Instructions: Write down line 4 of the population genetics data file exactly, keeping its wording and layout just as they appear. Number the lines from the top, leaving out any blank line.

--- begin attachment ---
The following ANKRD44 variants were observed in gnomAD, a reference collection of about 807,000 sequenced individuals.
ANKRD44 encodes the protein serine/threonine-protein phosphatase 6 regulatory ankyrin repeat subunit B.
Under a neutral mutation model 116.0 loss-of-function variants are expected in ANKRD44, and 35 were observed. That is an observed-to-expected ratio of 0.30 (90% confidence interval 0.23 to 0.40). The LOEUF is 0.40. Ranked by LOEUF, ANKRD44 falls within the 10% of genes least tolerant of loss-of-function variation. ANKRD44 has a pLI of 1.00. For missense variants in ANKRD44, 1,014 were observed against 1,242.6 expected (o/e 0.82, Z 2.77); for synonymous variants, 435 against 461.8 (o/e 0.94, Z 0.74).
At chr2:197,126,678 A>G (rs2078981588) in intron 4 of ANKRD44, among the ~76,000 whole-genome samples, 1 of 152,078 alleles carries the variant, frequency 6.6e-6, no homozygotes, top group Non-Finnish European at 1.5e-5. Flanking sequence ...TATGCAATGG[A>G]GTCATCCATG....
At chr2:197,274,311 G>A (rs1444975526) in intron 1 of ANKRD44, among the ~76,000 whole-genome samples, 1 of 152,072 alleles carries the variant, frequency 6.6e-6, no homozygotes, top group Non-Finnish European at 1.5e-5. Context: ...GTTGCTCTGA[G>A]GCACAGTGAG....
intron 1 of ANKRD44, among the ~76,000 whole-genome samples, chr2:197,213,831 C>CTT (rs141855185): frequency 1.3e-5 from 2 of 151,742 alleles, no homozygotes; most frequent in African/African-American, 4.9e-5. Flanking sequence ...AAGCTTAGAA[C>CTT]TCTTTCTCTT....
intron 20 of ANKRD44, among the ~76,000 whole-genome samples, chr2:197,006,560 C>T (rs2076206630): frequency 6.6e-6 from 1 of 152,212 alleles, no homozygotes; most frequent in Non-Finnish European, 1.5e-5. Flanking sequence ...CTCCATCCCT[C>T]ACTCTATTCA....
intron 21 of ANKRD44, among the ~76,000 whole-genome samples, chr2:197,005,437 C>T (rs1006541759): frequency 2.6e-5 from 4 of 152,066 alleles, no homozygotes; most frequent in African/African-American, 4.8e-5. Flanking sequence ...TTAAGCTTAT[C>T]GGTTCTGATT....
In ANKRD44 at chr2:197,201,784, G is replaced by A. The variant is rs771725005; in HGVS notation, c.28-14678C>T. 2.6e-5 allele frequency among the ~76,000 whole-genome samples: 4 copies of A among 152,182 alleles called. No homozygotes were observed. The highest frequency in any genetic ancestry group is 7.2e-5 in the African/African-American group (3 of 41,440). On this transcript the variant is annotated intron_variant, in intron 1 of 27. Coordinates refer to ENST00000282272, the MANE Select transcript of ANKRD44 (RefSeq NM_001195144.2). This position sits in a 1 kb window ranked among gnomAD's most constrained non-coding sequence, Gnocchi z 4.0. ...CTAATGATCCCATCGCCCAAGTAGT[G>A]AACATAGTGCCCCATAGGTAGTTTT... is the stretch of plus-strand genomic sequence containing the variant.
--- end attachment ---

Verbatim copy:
At chr2:197,126,678 A>G (rs2078981588) in intron 4 of ANKRD44, among the ~76,000 whole-genome samples, 1 of 152,078 alleles carries the variant, frequency 6.6e-6, no homozygotes, top group Non-Finnish European at 1.5e-5. Flanking sequence ...TATGCAATGG[A>G]GTCATCCATG....